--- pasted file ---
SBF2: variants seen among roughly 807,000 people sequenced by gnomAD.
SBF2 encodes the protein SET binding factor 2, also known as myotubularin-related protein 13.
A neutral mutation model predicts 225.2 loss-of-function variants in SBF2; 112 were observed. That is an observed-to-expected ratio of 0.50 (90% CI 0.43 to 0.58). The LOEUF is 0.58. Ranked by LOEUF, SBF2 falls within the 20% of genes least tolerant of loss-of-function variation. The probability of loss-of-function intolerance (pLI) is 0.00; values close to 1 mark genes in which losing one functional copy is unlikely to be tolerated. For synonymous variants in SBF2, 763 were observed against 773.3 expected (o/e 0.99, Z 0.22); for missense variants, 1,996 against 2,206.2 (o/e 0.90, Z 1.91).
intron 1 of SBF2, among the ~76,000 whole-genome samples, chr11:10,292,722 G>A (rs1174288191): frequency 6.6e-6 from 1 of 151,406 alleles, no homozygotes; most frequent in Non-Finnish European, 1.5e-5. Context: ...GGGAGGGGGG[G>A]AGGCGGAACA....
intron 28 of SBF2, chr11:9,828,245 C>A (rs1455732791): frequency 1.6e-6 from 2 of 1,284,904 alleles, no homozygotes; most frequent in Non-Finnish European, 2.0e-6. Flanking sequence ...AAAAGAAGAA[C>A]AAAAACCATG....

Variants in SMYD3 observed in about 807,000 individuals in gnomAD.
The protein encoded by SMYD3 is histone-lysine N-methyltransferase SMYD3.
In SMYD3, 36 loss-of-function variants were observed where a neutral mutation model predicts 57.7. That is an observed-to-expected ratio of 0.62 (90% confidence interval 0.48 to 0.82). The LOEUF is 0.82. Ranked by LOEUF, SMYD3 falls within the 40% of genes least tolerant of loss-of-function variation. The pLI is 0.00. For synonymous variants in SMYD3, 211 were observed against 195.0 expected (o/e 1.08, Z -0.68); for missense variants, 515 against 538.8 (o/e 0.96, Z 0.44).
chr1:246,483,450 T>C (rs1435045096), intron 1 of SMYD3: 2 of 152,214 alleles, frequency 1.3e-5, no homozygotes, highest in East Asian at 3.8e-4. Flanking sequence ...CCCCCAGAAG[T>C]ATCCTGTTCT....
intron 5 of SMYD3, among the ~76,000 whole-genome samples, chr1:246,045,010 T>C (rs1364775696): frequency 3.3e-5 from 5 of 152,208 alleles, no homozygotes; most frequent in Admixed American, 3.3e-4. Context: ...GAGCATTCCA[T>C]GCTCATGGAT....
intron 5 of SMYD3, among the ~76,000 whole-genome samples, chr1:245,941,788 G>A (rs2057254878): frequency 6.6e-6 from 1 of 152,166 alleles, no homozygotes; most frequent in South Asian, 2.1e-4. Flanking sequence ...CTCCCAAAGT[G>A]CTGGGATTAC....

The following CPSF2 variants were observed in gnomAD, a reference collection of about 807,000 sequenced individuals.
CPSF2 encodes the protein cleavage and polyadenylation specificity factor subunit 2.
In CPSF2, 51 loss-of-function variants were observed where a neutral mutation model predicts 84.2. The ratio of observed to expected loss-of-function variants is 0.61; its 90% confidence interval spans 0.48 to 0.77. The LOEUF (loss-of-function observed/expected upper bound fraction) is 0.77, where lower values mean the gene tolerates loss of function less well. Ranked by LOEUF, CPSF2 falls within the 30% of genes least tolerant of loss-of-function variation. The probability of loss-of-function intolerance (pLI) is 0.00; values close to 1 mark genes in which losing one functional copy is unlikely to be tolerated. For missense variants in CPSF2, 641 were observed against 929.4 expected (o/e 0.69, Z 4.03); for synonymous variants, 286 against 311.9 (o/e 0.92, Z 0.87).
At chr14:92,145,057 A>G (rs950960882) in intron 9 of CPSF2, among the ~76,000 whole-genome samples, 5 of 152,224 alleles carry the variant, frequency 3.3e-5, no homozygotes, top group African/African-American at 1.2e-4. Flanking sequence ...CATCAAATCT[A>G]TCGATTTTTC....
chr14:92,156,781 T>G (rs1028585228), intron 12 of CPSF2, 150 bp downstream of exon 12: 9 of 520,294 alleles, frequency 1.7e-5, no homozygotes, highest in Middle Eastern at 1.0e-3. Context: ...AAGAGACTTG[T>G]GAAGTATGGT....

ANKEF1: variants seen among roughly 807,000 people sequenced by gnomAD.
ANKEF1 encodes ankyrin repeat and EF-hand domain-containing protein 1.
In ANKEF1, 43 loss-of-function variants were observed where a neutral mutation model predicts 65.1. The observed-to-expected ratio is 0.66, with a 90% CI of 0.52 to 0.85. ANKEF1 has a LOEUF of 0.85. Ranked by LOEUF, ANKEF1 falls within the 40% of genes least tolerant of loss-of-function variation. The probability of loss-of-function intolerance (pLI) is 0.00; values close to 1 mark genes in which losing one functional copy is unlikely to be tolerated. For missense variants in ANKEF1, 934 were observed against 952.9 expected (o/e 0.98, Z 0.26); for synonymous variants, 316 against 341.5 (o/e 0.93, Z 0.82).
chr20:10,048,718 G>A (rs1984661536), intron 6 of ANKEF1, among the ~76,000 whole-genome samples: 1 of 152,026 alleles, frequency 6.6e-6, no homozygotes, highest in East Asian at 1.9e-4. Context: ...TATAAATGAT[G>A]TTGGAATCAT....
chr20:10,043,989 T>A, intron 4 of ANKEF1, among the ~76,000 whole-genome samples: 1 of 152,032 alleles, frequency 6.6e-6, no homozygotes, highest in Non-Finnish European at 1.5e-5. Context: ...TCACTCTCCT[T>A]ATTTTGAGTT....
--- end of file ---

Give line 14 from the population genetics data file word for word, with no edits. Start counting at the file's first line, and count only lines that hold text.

In CPSF2, 51 loss-of-function variants were observed where a neutral mutation model predicts 84.2. The ratio of observed to expected loss-of-function variants is 0.61; its 90% confidence interval spans 0.48 to 0.77. The LOEUF (loss-of-function observed/expected upper bound fraction) is 0.77, where lower values mean the gene tolerates loss of function less well. Ranked by LOEUF, CPSF2 falls within the 30% of genes least tolerant of loss-of-function variation. The probability of loss-of-function intolerance (pLI) is 0.00; values close to 1 mark genes in which losing one functional copy is unlikely to be tolerated. For missense variants in CPSF2, 641 were observed against 929.4 expected (o/e 0.69, Z 4.03); for synonymous variants, 286 against 311.9 (o/e 0.92, Z 0.87).